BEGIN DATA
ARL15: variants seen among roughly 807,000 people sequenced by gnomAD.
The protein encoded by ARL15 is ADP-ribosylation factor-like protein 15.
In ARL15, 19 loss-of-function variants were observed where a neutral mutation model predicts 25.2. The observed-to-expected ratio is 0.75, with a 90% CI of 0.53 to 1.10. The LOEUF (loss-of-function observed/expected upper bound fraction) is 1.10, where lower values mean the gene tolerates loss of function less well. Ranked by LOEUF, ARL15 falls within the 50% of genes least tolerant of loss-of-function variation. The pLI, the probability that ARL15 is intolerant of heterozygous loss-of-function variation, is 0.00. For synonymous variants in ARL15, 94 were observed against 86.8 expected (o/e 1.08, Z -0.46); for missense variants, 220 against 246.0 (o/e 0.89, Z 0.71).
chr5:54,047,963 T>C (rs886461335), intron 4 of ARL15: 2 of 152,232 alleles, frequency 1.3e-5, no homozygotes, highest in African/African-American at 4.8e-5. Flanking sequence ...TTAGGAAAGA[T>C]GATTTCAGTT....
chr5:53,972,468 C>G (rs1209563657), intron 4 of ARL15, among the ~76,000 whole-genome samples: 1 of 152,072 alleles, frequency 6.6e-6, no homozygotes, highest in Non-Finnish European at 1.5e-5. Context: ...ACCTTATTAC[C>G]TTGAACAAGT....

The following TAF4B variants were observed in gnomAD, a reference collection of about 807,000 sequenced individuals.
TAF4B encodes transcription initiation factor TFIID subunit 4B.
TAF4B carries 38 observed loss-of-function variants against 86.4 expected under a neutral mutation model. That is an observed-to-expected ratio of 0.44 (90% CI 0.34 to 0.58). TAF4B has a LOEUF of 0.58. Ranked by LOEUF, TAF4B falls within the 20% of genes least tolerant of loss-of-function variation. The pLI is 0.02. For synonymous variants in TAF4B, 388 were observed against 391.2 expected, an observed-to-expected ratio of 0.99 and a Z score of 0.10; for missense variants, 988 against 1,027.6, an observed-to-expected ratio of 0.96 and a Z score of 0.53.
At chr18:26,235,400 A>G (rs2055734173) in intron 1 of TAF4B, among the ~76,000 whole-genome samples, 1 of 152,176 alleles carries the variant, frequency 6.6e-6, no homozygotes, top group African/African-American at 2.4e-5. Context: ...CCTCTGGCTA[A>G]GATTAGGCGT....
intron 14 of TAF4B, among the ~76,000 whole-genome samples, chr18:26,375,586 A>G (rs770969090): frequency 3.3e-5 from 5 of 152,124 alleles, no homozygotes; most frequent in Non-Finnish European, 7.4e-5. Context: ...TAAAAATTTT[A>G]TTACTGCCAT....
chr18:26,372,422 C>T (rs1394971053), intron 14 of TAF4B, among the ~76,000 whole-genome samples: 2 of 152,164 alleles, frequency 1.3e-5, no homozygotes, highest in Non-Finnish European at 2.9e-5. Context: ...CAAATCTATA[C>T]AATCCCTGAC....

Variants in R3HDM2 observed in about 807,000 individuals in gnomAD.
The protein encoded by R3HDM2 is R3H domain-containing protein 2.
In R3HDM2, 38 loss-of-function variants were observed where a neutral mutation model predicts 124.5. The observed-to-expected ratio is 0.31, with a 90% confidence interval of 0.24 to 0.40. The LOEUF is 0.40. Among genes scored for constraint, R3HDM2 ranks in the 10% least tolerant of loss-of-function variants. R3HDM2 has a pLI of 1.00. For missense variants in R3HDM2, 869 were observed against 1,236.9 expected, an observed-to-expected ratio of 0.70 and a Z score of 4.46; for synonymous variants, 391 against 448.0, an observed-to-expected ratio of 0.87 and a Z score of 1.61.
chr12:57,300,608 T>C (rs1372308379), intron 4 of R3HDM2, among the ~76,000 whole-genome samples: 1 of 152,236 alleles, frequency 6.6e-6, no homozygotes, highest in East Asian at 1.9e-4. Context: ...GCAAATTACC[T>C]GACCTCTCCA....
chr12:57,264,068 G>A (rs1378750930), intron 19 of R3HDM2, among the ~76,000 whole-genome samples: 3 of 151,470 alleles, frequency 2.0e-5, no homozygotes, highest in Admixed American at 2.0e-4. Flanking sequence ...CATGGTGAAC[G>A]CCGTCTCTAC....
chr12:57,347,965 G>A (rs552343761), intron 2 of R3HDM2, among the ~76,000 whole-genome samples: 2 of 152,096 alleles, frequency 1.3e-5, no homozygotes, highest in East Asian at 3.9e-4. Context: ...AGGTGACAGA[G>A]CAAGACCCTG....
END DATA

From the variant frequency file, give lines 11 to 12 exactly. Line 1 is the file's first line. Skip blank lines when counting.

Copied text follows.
chr18:26,372,422 C>T (rs1394971053), intron 14 of TAF4B, among the ~76,000 whole-genome samples: 2 of 152,164 alleles, frequency 1.3e-5, no homozygotes, highest in Non-Finnish European at 2.9e-5. Context: ...CAAATCTATA[C>T]AATCCCTGAC....

Variants in R3HDM2 observed in about 807,000 individuals in gnomAD.